The employers have been pampered over a long period of 61 years, enabling unjust enrichment and accumulation of huge wealth among a few and creating huge income and wealth disparity. The MEF’s claim that the decision to further increase the minimum wage will impact the cost of doing business and is unfair to employers has no justification. It is simply comical.
It is time that the employers act more responsibly in supporting the government in its efforts to regularise the equitable development concept.
Accordingly, employers should seriously consider implementing a cost of living allowance of RM300 to cushion the rising cost of living due to the prevailing conditions of the government’s financial position until such time that the economy improves. This will eventually boost business as well. The minimum wage announced by the government does not necessarily mean that wages should be restricted to RM1,100. It is the minimum, and any extension beyond that is the onus of the employers. Therefore, the employers also need to be responsible enough to play their role in narrowing the ever-increasing income inequality in Malaysia.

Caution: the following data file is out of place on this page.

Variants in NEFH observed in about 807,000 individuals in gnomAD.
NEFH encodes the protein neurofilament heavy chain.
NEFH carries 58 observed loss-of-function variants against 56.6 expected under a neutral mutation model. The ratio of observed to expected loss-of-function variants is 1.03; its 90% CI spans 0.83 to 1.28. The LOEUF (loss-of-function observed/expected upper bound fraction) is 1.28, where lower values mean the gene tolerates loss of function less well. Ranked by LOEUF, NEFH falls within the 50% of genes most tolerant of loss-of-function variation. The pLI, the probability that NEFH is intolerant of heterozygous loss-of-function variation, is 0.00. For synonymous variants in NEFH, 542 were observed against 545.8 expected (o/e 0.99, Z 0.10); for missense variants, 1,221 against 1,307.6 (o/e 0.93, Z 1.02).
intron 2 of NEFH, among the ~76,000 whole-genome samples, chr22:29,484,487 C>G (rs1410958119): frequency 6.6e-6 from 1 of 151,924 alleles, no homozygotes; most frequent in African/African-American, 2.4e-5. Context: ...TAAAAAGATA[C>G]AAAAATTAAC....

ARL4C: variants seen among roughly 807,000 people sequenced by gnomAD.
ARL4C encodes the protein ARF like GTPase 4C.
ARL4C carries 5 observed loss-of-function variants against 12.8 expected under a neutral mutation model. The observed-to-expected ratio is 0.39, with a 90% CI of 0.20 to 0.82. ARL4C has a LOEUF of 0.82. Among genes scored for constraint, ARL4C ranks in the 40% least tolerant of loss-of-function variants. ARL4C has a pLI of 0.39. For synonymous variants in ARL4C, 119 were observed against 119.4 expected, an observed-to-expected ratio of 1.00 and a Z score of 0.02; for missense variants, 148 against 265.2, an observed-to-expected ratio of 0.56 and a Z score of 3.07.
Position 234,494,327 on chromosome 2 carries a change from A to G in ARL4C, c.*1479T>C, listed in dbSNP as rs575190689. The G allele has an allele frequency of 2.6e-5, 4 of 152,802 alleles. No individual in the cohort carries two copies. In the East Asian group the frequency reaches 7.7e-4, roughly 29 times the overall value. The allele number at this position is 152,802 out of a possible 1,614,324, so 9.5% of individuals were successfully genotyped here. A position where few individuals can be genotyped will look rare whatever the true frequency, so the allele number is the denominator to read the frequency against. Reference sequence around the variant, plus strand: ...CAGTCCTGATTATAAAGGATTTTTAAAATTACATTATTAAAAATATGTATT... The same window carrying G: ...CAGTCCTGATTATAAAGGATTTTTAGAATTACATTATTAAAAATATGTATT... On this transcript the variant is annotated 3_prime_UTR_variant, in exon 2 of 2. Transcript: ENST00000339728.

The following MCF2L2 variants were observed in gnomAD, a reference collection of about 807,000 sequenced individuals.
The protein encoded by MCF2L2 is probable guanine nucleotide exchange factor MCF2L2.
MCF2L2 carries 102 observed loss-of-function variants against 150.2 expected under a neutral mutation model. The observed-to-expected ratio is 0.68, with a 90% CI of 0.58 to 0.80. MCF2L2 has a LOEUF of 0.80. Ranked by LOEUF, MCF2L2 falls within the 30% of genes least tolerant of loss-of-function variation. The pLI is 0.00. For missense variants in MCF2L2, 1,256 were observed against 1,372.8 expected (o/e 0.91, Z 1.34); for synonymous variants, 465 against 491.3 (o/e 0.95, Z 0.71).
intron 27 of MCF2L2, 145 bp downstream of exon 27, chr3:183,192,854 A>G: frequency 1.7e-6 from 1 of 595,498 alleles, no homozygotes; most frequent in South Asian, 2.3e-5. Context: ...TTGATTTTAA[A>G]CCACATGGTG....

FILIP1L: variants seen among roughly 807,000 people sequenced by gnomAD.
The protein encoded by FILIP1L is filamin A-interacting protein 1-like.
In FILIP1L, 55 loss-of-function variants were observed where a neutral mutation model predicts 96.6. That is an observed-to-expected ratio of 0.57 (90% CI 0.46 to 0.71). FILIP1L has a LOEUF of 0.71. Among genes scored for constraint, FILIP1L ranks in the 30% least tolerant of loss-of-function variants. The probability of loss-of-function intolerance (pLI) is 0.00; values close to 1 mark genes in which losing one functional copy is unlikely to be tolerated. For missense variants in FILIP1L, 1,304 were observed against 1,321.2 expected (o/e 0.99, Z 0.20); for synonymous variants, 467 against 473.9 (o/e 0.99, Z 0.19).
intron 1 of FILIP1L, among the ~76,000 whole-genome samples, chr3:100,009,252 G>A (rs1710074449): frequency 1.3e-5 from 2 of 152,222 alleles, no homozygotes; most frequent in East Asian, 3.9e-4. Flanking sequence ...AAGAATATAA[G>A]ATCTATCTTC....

We are at a loss as to the basis on which the MEF claims that it was not consulted in the announcement of the RM1,100 minimum wage as it made no comments whatsoever when RM1,050 was announced, and when MTUC together with other Bantah 1050 coalition members protested against it. The RM1,050 minimum wage was in fact their proposal while MTUC proposed RM1,800.